The mini-courses feature both basic material and advanced material, depending on how deeply you wish to pursue a topic.
There are several ways to learn:
  • Look and listen to get a general overview of the topic
  • Study the material by stopping frequently as you go through the mini-course
  • Read the mini-textbook to supplement the mini-course and to keep as a future reference
  • Delve deeply into a topic by reading the handouts and accessing directly the Internet address references on your screen
  • Arrange for an Office Hours session with the lecturer as an earlier adopter

About the Instructors

Lynn Klotz

Lynn Klotz, Co-Managing Director and Chief Science Officer

Lynn C. Klotz was formerly an Assistant and Associate Professor of Biochemistry and Molecular Biology at Harvard University (1971-1979) and a visiting Associate Professor at Princeton University (1979-1981). At Harvard, he was a recipient of the prestigious Dreyfus Teacher-Scholar grant for teaching excellence. He recently served as Research Scholar at Arizona State University’s Walter Cronkite School of Journalism and Mass Communication.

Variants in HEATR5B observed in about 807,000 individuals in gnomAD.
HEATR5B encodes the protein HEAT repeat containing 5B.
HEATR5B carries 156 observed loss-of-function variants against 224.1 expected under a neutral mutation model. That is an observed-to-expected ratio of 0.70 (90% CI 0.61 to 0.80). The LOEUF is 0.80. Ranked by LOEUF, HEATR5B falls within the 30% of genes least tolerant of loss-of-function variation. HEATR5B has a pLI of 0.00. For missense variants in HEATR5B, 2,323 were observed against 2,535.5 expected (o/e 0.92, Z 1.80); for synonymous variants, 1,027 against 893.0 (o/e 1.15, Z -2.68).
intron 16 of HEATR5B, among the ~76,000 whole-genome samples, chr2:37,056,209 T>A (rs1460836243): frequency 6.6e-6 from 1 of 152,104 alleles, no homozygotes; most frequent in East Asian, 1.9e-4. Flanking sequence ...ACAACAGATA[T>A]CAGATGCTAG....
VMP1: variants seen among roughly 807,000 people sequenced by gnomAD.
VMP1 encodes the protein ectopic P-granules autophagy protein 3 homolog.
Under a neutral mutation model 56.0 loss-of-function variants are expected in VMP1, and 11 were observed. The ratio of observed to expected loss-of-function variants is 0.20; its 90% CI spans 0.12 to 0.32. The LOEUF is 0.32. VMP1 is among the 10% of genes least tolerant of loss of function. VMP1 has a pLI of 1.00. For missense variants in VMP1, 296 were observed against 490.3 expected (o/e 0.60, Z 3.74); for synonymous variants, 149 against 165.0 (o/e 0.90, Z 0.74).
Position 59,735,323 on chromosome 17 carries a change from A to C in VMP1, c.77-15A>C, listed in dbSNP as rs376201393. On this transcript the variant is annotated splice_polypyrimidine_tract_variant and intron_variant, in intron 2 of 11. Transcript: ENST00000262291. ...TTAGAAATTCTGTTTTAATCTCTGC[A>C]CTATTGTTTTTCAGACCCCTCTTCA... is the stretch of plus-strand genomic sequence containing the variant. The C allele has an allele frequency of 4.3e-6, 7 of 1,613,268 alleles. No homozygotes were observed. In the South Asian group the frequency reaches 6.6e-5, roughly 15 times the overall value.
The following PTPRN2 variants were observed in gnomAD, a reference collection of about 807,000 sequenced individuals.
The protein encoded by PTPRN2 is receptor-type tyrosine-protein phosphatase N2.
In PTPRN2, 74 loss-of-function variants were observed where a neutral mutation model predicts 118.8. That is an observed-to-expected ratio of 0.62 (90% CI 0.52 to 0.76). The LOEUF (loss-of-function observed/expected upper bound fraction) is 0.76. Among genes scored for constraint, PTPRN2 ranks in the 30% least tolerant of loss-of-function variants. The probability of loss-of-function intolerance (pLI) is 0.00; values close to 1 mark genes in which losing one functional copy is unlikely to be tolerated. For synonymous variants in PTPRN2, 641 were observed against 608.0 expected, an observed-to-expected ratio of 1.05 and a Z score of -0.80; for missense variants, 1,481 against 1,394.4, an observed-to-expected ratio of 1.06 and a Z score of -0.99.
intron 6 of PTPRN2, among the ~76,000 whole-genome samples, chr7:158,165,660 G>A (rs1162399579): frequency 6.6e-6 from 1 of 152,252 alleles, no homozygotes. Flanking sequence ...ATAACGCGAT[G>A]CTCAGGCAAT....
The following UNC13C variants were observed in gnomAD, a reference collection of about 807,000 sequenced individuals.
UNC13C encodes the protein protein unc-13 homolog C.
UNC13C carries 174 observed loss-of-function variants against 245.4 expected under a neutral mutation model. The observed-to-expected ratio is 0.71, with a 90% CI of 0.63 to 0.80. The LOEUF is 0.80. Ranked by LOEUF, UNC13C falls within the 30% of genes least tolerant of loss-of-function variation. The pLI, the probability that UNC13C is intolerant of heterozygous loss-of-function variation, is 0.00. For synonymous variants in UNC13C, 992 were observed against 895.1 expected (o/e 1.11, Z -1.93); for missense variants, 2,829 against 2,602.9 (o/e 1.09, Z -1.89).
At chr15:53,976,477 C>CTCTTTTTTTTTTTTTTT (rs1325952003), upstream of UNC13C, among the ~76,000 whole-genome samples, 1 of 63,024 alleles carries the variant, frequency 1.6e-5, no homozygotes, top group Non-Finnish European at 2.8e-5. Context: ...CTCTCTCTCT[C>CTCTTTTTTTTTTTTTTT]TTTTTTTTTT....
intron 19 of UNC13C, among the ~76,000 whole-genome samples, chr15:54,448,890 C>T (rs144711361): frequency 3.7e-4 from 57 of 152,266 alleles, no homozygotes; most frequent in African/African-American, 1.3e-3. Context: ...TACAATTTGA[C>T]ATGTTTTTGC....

He was a founder and board member of BioTechnica International (1981-1988)-an agricultural and natural products company. While at BioTechnica, he was nominated for a Pulitzer Prize by the publisher Charles Scribner's Sons, along with co-author Edward Sylvester, for the 1983 book The Gene Age: Genetic Engineering and the Next Industrial Revolution.

In the fall of 2011 and 2012, Dr. Klotz taught a graduate-level Harvard Extension Course, BIOT E-210, Biotechnology and Drug Development: Tools for Business.

William Diehl

William Diehl, ​Co-Managing Director and Chief Technology Officer

William C. Diehl, Ph.D. is Coordinator of Online Graduate Programs in the Adult Education program and Assistant Professor at The Pennsylvania State University at University Park, PA. Dr. Diehl serves as Interviews Editor for The American Journal of Distance Education, and is an expert reviewer for other academic journals. He is the founder of the International Museum of Distance Education and Technology project.

Additionally, Diehl is a consultant in the corporate, higher education and government sectors. Professional experience also includes work as a K-12 teacher, web designer and developer, instructional designer, and multimedia specialist.